A major research university doesn’t know if its bottom line is enrollment, the size of its endowment, or national rankings, but its currency is prestige—fleeting, subjective, and bestowed from the outside. Faculty and staff are subject to unconscious biases of “prestige”—their dress, their language, their popularity, their sex, their race, their displays of personal wealth. Subpar teachers are not held accountable because everyone is too busy chasing a reputation to build accountability.

 

A law firm doesn’t have a system of accountability for its profit margin. They end up taking on any client, many unprofitable ones because they don’t consider which accounts align with their bottom line. When they start losing money, people point fingers and use the currency of blame. Everyone shifts the blame, and no one is safe to truly address the problem.

 

A tech company ignores profits because its currency is the hype of its product. Employees are anxious because their product is meant to be used by “everyone” and it makes impact hard to measure. Group-think ends up ruling the company culture and anyone who sees things differently in any way is treated with derision or exclusion. Eventually, everyone stops taking risks and innovating because there is no measure of efficacy.  Why? Because losing money doesn’t make people rethink their strategy.

 

The list doesn’t end there. Consider the latest scandals: college admissions bribery, Theranos, R. Kelly. All examples of sacrificing integrity to a toxic currency with zero accountability.

 

Dangerous Economies for Women and People of Color

 

Dysfunctional company economies make work stressful, even hostile, for everyone. But for women and people of color, the effects are heightened and more devastating, both professionally and personally. Unconscious bias will manifest as discrimination, hostility, or exclusion—and always land on those seen as different.

 

People of color and women need a company culture with a transparent and objective measure of their value. When you can correlate your achievement with a bottom line your company cares about, you can show your value and do your best work. This gives you the opportunity to mitigate the consequences of bias, should you be a target.

 

Without these conditions, you are not in a safe work environment. Trying to prove your value against biases is what sends us into adaptation overdrive, constantly filtering, shifting, and questioning ourselves just to feel safe. Take it from me and the client stories I hear every day: you will feel crazy and you will burn out.

 

Before You Take Any Job, Ask About Its Accountability

 

Companies will talk about success, but you need to be clear on the real bottom line. And it’s up to you to ask during the interview process.

  • Are the company’s revenue goals and profits shared throughout the organization?

  • What measurements are used in employee evaluation?

  • What is your compensation structure?

  • How is compensation tied to employee contribution and profitability?

  • How are employees rewarded or held accountable for their contributions?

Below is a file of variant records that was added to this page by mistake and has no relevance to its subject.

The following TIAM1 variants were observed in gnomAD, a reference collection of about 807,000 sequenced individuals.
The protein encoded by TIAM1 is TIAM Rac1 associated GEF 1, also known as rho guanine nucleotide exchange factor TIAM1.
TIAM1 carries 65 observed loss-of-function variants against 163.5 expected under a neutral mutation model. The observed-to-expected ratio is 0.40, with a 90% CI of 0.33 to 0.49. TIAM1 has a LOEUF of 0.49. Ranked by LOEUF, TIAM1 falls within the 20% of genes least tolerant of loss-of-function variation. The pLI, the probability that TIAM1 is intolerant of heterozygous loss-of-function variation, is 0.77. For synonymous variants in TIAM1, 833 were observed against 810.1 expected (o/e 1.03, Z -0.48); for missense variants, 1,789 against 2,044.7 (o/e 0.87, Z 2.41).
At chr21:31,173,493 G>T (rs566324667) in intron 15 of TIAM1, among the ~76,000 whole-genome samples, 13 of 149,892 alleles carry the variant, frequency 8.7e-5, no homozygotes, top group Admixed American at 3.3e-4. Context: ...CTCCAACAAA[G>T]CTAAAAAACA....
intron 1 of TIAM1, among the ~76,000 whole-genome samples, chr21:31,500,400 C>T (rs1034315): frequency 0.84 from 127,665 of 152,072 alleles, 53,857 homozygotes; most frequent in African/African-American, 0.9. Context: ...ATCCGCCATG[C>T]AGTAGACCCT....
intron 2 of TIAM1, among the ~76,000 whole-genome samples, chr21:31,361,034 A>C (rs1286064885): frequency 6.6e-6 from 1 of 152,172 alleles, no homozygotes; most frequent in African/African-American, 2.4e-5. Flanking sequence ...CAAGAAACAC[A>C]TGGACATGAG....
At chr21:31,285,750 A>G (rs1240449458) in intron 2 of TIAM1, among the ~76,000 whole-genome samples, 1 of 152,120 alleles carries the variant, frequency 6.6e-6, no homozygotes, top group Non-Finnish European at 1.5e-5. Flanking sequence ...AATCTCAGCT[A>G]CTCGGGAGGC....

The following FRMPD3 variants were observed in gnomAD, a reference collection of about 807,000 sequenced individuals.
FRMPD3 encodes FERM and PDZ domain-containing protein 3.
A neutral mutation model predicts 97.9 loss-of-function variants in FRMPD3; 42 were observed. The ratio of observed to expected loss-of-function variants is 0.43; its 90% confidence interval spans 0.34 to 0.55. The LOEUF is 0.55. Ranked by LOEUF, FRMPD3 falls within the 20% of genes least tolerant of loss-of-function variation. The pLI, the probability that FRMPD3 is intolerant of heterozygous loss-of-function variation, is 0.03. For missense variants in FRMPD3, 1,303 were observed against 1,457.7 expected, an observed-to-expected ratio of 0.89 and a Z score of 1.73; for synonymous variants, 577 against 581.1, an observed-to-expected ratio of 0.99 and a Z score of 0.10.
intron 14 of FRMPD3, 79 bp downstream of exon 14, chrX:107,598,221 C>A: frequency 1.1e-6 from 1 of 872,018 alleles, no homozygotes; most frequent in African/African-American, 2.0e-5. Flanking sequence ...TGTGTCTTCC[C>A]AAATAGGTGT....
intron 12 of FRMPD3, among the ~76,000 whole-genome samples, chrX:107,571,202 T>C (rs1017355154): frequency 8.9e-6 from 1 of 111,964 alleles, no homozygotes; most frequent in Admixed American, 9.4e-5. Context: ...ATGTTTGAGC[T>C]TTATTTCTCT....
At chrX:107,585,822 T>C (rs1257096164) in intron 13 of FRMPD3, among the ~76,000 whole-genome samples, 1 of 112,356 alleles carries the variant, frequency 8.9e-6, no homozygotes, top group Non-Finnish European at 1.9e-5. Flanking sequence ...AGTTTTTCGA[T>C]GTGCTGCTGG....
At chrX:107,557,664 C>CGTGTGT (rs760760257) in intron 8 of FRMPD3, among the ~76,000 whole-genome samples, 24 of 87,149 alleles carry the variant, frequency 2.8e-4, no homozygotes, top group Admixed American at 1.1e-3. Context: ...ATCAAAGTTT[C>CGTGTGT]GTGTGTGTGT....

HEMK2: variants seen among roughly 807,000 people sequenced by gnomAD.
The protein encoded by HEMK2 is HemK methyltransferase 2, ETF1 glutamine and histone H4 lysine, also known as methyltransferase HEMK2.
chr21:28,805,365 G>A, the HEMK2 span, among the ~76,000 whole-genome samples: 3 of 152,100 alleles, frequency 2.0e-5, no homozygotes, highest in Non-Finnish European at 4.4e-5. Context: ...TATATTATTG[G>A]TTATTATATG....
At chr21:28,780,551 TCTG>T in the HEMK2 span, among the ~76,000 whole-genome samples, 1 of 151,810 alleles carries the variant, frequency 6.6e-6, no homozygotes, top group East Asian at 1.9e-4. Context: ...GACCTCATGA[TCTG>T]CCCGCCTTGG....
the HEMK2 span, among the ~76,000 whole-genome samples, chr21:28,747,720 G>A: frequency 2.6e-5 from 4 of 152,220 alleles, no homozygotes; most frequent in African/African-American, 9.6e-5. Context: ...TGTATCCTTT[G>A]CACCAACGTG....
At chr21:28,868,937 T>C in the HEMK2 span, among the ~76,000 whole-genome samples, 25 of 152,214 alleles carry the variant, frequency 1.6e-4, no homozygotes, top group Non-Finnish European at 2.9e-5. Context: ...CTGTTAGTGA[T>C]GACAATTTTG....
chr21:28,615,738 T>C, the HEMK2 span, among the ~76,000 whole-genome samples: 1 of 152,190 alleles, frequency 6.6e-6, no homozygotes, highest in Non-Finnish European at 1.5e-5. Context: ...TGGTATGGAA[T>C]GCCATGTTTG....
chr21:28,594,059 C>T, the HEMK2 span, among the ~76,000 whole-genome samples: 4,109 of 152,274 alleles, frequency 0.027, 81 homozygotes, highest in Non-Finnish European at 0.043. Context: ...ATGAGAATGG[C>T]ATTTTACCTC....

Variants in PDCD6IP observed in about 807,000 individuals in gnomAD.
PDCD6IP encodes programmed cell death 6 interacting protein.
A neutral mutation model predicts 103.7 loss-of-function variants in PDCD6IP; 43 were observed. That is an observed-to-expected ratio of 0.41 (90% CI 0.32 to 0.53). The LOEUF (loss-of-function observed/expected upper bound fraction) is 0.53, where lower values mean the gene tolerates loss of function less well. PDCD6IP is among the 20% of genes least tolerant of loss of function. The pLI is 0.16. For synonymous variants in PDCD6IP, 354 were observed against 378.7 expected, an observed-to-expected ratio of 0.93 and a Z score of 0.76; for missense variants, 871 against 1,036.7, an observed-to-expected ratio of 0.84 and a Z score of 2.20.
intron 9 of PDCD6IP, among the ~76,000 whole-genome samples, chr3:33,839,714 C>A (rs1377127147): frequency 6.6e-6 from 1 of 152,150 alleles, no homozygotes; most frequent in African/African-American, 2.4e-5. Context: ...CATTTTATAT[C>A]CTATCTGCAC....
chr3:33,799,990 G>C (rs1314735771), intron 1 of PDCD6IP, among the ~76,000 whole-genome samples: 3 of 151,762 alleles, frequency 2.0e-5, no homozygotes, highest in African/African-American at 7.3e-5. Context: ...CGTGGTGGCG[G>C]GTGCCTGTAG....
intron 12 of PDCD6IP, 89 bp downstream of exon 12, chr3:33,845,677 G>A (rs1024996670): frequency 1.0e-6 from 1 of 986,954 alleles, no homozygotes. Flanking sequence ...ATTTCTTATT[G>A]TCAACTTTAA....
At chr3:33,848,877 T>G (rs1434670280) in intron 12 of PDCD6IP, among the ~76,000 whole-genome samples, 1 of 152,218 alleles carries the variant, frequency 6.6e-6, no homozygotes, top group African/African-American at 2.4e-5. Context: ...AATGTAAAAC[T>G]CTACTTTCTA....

• Who makes these decisions and how do they make them?

  • How do you provide feedback and what is it based on?

  • What is your commitment to diversity, equity, and inclusion?

  • How do you measure the success of your commitment to diversity, equity, and inclusion?

 

And look out for the red flags:

  • A company that can’t explain its compensation structure.

  • A company that doesn’t have an evaluation process.

  • A company that doesn’t hold its executives accountable for outcomes in relation to their values.

  • A company that’s unwilling to have this conversation at all.

  • A company that says, “we are nice people, we just don’t worry about it.”

 

If You’re Already in a Toxic Company Economy

 

If you find yourself already stuck inside a toxic company economy or culture, there are a few steps you can take for yourself.

  1. Step away from tasks that inflict bias on you. Work less with a certain partner or colleague, take different projects, don’t pitch to certain teams.

  2. Draw hard boundaries on your time. Stop working late. Don’t work on weekends. Don’t do work that isn’t yours. You need to buy back your time so that you can begin a job search.

It may take time for you to get clarity on what exactly your company values and how it handles accountability. My hope for those who are now realizing they are not in a safe work environment is feeling less alone and knowing it is not your fault or your failing that is making you feel like the ground is constantly shifting beneath you.

 

For those who feel safe enough to push for more transparency and even better practices, my next article will continue on the topic of accountability and take a look at how organizations can make a real and lasting commitment to living out their diversity, equity, and inclusion initiatives.

 

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Jennifer McClanahan-Flint is an Executive Career Strategist and the founder and CEO of Leverage to Lead. She helps women and people of color build careers with audacity and authenticity. If you would like to receive my newsletter directly in your inbox, please sign up here.